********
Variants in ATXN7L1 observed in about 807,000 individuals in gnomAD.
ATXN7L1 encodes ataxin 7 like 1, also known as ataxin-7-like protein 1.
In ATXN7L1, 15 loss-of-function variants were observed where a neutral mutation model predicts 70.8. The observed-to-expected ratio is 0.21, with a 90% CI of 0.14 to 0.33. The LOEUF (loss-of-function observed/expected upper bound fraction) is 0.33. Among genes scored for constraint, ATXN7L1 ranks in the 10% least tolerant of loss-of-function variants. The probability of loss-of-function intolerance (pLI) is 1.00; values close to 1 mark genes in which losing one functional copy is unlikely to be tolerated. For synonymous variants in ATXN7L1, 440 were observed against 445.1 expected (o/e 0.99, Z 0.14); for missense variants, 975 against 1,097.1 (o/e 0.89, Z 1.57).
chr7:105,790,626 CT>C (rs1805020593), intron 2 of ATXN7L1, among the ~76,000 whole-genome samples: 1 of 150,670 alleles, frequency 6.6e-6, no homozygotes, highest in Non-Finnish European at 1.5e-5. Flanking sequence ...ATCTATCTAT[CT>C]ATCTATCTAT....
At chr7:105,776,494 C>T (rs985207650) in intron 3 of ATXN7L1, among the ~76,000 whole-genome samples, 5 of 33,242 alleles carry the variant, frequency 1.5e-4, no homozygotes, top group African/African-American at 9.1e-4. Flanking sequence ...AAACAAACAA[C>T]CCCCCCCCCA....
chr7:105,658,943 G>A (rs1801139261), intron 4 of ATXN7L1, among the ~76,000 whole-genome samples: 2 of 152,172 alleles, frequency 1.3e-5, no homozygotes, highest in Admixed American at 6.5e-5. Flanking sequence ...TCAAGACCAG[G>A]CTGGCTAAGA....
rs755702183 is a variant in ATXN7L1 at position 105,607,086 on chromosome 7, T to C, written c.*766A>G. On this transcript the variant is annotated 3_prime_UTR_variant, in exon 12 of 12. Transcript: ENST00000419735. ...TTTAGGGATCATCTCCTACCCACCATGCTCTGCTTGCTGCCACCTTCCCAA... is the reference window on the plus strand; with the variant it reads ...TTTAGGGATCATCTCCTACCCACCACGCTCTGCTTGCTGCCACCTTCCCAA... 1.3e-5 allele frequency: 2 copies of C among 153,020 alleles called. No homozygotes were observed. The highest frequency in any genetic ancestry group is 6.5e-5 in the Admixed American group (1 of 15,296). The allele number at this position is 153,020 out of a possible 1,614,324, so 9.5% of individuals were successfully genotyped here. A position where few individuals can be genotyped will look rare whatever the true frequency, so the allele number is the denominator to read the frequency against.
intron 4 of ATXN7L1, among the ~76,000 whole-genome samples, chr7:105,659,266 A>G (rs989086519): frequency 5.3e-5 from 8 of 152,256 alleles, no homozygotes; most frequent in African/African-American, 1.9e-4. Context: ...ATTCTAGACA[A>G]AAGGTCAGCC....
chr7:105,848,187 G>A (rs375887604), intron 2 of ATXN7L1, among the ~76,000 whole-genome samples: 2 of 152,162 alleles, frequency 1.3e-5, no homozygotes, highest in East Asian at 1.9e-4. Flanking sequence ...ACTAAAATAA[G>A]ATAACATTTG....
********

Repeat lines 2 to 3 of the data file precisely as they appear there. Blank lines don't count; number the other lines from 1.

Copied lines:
ATXN7L1 encodes ataxin 7 like 1, also known as ataxin-7-like protein 1.
In ATXN7L1, 15 loss-of-function variants were observed where a neutral mutation model predicts 70.8. The observed-to-expected ratio is 0.21, with a 90% CI of 0.14 to 0.33. The LOEUF (loss-of-function observed/expected upper bound fraction) is 0.33. Among genes scored for constraint, ATXN7L1 ranks in the 10% least tolerant of loss-of-function variants. The probability of loss-of-function intolerance (pLI) is 1.00; values close to 1 mark genes in which losing one functional copy is unlikely to be tolerated. For synonymous variants in ATXN7L1, 440 were observed against 445.1 expected (o/e 0.99, Z 0.14); for missense variants, 975 against 1,097.1 (o/e 0.89, Z 1.57).